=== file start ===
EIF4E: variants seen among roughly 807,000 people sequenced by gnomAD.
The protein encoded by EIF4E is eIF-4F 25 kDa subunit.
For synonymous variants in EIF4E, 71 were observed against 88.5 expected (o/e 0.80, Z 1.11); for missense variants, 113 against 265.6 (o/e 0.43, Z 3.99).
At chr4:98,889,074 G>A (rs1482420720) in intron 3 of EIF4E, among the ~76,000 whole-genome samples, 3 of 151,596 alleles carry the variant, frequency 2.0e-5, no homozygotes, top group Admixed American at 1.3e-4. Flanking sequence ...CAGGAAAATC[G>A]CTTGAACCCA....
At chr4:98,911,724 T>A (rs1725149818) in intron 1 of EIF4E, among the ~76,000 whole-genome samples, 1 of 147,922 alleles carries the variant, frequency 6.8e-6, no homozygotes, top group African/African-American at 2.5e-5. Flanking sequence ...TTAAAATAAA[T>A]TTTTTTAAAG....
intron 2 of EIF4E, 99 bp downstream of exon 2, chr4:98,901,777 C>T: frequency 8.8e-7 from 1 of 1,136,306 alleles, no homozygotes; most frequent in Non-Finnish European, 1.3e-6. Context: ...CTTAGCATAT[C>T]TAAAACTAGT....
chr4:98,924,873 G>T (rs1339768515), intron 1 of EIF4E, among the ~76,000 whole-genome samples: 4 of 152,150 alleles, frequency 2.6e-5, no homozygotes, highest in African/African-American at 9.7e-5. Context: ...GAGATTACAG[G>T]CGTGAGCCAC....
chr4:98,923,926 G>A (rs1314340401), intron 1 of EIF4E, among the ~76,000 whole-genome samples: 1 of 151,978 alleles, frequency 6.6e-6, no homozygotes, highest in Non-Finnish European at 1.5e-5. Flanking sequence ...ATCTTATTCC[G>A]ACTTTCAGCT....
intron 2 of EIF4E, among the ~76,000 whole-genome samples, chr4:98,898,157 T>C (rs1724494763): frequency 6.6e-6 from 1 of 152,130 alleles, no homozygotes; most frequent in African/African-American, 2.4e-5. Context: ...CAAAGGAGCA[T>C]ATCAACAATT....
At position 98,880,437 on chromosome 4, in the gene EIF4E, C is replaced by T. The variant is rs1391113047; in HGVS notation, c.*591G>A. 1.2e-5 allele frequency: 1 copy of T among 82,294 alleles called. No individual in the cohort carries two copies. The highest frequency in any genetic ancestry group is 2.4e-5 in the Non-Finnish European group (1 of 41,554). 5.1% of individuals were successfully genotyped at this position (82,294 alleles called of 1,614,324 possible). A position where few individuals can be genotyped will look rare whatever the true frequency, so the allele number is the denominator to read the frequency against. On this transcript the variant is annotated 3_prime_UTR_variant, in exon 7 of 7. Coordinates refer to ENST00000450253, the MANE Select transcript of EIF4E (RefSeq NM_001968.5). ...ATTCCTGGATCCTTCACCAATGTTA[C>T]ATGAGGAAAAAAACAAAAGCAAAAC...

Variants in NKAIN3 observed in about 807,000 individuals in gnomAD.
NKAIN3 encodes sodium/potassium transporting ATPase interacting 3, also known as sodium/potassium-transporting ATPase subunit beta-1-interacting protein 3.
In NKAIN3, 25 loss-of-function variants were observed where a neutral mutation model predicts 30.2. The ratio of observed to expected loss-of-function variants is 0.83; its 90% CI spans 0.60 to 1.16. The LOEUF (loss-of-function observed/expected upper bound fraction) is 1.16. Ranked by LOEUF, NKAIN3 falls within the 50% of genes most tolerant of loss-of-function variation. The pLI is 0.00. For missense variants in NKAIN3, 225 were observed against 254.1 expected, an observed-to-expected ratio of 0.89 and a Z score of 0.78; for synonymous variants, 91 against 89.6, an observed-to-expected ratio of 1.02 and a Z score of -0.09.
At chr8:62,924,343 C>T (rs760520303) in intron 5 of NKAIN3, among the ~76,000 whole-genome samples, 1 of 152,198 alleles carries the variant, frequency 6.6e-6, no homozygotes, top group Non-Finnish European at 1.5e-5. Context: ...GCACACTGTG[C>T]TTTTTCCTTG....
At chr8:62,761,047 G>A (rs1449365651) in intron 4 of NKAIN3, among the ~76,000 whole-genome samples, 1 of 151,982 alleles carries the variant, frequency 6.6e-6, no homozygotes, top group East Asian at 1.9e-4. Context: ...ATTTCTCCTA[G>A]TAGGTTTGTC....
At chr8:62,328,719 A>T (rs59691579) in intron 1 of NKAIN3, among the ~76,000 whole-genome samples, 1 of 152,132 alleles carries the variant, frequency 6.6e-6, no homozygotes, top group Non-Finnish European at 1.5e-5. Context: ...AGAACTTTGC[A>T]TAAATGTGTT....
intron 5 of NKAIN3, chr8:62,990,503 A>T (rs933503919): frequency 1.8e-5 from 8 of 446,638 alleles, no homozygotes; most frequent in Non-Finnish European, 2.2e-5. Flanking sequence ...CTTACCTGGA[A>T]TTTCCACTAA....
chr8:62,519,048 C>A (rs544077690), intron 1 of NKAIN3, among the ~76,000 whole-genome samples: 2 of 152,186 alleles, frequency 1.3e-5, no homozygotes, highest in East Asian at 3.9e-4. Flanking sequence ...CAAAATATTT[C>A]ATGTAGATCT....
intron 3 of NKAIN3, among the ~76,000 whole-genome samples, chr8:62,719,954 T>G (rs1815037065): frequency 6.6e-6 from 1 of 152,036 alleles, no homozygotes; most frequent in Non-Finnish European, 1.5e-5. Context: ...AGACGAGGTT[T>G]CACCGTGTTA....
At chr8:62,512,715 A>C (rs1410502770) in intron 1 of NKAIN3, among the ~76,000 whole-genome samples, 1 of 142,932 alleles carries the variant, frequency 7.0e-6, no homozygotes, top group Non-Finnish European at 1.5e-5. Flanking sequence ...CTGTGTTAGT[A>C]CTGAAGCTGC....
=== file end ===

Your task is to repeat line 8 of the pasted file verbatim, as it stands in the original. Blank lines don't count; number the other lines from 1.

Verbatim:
chr4:98,923,926 G>A (rs1314340401), intron 1 of EIF4E, among the ~76,000 whole-genome samples: 1 of 151,978 alleles, frequency 6.6e-6, no homozygotes, highest in Non-Finnish European at 1.5e-5. Flanking sequence ...ATCTTATTCC[G>A]ACTTTCAGCT....